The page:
Historic church moves across NCCU campus

Posted April 21, 2010
Updated April 23, 2010

— Holy Cross Catholic Church, the longtime home of one of the oldest African-American Catholic congregations in the state, was moved Friday across the campus of North Carolina Central University.

On the fifth and sixth days, man moved God's house On the fifth and sixth days, man moved God's house

The building is being relocated from Alston Avenue to the corner of Fayetteville and Formosa streets to make room for the construction of a nursing school. In its new location, next to N.C. Central’s Shepard House, it will be used as meeting space for the university and the community.

"We're coming up on our 100th anniversary here, and it just fits beautifully with that," said Eric Frazier, N.C. Central's project manager overseeing the move. "I think it'll be a very nice touch for us."

The one-room church, which measures 70 feet by 35 feet, was lifted from its foundation earlier in the week and placed on a platform of steel beams for the move. Blake Moving Co. of Greensboro used 12 two-axle dollies, each of which has eight wheels and a hydraulic jack, to move the church.

"All of the dollies are self-propelled," said Mike Blake, owner of Blake Moving. "I stand there with a joystick (to control the dollies), and the building moves."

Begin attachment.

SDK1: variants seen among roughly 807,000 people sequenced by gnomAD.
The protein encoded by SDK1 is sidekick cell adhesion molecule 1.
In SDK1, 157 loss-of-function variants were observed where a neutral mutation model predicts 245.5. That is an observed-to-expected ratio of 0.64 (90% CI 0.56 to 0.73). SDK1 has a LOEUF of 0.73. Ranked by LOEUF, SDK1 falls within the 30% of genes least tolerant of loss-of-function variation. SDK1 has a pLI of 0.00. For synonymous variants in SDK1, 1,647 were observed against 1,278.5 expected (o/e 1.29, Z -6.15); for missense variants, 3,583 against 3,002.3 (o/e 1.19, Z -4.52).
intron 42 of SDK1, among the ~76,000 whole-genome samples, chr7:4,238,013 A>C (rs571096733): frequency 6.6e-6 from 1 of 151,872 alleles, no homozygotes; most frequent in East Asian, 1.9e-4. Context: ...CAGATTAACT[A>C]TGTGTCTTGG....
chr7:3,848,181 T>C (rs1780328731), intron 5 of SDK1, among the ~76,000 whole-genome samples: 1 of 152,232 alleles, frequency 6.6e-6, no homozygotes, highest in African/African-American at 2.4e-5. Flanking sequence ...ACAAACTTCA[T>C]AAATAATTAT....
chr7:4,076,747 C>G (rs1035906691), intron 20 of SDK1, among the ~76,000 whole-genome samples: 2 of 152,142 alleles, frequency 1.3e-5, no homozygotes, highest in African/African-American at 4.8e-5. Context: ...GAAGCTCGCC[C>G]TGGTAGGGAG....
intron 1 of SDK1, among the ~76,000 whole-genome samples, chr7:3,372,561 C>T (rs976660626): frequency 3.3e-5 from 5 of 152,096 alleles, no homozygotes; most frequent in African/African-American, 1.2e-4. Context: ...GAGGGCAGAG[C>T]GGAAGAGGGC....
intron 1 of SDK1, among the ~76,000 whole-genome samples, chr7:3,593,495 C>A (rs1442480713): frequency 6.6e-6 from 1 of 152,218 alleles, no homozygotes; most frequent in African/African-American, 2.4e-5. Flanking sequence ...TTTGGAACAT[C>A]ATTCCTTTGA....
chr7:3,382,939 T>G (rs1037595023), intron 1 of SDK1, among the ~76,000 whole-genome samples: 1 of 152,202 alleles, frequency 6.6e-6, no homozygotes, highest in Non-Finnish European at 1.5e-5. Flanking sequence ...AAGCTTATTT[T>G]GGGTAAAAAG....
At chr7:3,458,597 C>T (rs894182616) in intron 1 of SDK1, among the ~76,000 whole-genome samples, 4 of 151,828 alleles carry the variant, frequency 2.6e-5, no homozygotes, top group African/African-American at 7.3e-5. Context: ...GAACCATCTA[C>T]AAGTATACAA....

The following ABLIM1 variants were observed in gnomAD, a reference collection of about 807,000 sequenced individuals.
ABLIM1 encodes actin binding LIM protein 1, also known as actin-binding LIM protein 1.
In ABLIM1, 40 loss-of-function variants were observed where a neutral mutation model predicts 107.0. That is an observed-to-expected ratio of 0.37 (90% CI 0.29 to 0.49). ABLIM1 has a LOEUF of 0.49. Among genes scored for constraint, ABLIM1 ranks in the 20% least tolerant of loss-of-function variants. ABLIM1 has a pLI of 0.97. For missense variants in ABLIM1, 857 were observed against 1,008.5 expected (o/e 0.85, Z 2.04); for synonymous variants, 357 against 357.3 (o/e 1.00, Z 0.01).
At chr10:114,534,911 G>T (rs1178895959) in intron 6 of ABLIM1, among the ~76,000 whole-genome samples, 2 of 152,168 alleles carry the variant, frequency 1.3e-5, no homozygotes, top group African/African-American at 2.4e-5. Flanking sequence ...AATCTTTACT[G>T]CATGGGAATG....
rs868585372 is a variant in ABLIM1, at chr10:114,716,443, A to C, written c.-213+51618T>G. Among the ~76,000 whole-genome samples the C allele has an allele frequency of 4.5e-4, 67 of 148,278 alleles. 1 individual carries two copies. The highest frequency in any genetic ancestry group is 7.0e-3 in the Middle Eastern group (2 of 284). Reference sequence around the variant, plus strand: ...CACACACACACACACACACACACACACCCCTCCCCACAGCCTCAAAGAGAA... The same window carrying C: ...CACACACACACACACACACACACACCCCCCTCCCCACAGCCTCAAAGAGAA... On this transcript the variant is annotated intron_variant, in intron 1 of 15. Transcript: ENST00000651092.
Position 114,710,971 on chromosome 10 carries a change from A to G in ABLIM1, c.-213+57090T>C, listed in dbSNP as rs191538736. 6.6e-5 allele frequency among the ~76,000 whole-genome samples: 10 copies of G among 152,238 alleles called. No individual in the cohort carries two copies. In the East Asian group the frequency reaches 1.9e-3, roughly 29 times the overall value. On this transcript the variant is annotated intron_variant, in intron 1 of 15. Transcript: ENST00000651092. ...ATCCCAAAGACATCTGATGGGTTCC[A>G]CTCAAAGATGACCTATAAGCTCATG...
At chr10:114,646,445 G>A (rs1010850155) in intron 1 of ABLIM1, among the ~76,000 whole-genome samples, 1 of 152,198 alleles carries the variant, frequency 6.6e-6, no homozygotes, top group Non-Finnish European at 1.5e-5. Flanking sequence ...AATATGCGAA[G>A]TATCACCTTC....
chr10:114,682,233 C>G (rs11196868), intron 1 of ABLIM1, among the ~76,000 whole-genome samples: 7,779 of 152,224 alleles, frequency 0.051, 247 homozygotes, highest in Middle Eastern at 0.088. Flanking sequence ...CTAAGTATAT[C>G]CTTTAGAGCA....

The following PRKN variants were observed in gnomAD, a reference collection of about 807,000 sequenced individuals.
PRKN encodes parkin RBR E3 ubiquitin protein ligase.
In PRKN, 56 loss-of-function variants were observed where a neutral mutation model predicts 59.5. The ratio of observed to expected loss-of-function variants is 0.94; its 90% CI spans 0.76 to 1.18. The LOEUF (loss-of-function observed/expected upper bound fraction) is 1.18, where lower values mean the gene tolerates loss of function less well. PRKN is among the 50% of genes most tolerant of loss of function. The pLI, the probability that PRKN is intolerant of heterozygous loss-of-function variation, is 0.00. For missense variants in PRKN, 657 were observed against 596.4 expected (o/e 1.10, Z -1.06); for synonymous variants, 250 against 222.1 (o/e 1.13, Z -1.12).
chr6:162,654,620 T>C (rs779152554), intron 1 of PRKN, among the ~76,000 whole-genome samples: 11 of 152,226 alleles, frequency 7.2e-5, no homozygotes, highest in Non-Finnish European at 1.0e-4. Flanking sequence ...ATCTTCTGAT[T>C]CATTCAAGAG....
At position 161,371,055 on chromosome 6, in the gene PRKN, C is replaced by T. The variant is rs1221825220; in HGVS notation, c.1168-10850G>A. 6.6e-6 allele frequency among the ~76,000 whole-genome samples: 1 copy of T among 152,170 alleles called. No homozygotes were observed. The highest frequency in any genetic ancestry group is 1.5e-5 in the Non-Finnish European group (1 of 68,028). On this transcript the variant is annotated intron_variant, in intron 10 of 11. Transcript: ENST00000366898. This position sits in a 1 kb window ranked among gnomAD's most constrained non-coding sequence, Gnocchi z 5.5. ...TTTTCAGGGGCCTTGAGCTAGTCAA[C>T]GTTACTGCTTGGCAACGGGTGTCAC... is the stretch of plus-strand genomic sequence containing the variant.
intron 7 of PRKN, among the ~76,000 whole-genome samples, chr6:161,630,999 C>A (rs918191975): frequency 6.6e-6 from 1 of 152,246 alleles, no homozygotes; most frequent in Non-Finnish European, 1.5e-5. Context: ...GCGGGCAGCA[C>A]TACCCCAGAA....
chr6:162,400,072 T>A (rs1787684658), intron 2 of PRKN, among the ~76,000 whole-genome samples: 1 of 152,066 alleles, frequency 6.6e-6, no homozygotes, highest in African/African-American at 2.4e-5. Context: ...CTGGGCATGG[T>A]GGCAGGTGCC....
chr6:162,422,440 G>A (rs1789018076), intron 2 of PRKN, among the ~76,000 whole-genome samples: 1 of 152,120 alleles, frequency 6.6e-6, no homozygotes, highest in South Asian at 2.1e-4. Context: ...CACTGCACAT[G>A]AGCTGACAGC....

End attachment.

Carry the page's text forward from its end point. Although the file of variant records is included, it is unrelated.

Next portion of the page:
The process started at 5:30 a.m. Friday, but an equipment problem brought the move to a halt a few hours later until workers could repair the problem.

The move attracted a crowd of onlookers.

"We just thought it was an amazing opportunity for the kids," Durham resident Brandy Lemen said. "How often do you get to see a building this size being moved?"

The move was scheduled in two stages. On Friday, the Blake crew was to take the structure about a half-mile across campus to the corner of Nelson and Fayetteville streets. The final two-block move up Fayetteville Street to Formosa Street was to take place Saturday morning.

The move up Fayetteville Street will require utility crews to cut power to about a dozen nearby homes so power lines can be moved out of the way of the church, officials said.


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  • 2thebeach Apr 23, 2010

    I'm so glad they saved this building. Way too many historical buildings are gone, and not just from Durham.

  • RomneyRyan2012 Apr 23, 2010

    They literally moved the building! When I read it at first I thought they meant the group of people moved to another facility...:) :)

  • raggy831 Apr 23, 2010


    Who is paying for the move? Aren't churches going bankrupt from all of their past transgressions?

    Most likley NCCU is paying, they are the ones having it moved and will be using it.